90 Miles From Tyranny : Here’s Why Identity Politics Threaten America

Thursday, November 29, 2018

Here’s Why Identity Politics Threaten America

Is there an answer to the problem of identity politics in America? For some, the “solution” is direct.

“We need to take on the oppression narrative,” conservative commentator Heather Mac Donald said at a Heritage Foundation gathering on Capitol Hill.

Americans need to “rebut” the idea “that every difference in American society today is the result by definition of discrimination,” Mac Donald said during the event Monday, called “Identity Politics Is a Threat to Society. Is There Anything We Can Do About It at This Point?

Without challenging this overarching narrative, the Manhattan Institute fellow said, “there is going to be no end to identity politics.”

The rise of identity politics has become a phenomenon not just in America, but in the West in general.

In many ways, debates over identity are defining and shaping the politics of our time and pose a unique challenge in particular to the United States, a vast, multi-ethnic country with potential identity fault lines that far exceed the more homogenous societies of the world.

Mike Gonzalez, a senior fellow at The Heritage Foundation, and Mike Franc, director of D.C. programs at the Hoover Institution, brought together a diverse set of thinkers to hash out why identity politics is on the rise and how to address it.

Besides Mac Donald, they included John Fonte, a senior fellow at the Hudson Institute; Peter Berkowitz, a senior fellow at the Hoover Institution; Michael Lind, a visiting professor at the University of Texas at Austin; and Andrew Sullivan, a writer for New York magazine.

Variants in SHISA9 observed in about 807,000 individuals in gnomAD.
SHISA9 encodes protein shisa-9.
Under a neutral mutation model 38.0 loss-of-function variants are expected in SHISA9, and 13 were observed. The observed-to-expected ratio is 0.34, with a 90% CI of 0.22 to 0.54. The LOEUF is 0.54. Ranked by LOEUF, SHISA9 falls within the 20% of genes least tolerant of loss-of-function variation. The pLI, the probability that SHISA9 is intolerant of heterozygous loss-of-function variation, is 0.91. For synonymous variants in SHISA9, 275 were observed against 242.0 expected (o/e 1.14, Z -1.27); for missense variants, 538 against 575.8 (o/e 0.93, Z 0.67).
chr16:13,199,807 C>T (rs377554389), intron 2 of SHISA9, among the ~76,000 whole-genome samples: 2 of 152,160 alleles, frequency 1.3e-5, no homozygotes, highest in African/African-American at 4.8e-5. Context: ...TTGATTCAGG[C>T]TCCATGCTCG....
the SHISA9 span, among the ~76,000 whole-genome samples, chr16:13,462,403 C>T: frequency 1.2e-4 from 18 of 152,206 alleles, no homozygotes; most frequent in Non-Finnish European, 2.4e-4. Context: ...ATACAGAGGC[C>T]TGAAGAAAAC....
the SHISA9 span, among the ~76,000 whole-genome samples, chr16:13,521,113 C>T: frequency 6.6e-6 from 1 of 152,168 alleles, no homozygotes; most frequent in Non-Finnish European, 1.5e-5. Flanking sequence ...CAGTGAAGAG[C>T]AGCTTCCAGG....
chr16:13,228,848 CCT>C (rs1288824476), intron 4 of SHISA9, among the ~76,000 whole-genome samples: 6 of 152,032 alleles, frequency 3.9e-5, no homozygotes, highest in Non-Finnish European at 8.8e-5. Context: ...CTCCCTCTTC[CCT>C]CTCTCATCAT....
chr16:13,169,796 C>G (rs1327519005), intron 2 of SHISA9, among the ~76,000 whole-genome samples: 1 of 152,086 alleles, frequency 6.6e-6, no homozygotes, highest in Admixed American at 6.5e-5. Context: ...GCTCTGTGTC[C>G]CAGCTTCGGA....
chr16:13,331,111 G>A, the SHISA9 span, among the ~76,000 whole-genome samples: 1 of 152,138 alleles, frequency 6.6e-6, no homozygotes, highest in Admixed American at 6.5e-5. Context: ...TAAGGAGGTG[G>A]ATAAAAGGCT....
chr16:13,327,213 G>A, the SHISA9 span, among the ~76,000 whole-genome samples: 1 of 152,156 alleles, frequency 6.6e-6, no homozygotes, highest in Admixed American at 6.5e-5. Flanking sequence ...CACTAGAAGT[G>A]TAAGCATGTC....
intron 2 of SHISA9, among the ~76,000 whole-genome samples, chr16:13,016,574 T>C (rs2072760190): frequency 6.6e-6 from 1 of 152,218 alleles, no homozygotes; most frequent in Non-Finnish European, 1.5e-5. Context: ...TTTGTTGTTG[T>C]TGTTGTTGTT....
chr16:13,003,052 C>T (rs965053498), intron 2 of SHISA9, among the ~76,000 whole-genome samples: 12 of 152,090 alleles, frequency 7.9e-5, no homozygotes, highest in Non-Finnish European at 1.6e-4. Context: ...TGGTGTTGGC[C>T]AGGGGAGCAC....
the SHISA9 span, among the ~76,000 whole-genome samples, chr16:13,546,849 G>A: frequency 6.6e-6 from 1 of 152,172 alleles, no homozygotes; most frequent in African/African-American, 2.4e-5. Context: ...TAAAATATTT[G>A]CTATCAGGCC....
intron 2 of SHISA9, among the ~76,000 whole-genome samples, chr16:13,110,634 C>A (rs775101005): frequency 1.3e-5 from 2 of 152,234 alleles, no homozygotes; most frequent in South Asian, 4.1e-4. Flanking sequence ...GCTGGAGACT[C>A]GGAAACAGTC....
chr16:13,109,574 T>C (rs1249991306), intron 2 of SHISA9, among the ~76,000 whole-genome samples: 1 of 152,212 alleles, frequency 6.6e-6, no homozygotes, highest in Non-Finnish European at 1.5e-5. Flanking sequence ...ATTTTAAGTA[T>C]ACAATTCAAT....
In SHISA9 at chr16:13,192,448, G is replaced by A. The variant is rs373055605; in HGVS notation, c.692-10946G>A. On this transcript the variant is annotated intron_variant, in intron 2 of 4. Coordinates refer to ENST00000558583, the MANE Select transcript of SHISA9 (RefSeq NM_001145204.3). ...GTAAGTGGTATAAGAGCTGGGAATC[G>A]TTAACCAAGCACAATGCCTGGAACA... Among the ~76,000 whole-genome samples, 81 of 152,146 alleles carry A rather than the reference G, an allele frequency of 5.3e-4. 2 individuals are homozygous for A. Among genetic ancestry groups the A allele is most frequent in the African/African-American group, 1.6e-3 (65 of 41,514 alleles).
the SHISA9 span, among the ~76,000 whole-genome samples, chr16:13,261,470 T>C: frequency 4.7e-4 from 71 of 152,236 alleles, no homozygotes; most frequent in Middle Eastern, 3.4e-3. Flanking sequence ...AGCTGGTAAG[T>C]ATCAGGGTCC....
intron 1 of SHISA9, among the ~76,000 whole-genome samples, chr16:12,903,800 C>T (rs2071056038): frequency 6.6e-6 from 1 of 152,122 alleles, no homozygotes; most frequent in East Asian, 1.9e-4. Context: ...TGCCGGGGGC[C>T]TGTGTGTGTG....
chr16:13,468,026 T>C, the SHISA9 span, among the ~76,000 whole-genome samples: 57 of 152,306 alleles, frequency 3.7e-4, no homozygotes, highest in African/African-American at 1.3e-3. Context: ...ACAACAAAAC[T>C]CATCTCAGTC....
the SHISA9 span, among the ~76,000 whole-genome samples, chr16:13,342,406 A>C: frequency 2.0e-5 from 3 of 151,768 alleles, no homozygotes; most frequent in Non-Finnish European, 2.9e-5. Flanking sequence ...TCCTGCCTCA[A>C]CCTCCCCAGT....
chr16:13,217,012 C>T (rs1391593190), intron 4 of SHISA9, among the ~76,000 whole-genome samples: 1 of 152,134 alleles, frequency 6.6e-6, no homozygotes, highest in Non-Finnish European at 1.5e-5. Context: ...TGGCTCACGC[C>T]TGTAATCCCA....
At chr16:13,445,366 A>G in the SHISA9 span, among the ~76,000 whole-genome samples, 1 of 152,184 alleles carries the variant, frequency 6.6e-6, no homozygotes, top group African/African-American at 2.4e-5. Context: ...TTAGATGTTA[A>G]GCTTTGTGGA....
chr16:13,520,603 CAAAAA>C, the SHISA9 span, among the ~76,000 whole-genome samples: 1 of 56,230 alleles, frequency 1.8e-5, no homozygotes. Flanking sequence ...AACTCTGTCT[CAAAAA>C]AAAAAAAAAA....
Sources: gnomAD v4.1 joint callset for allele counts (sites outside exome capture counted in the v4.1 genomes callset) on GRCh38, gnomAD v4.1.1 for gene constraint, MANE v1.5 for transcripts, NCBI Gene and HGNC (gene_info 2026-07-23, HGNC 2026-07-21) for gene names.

Each highlighted the problem.

Hudson’s Fonte outlined what has become the framework for identity politics on the left.

“Multiculturalism, the diversity project, and critical theory” are the three major cornerstones of this creed, Fonte said.

In a 2013 article in National Review, Fonte described the “diversity project” as: “[T]he ongoing effort to use federal power to impose proportional representation along race, gender, and ethnic lines in all aspects of American life.”

Multiculturalism comes in a hard version and a soft version, he said.

The soft version celebrates ethnic subcultures, examples being St. Patrick’s Day and Cinco de Mayo.

The hard version, Fonte said, has damaged society. He concisely summed up its tenets:Read More HERE

No comments:

Post a Comment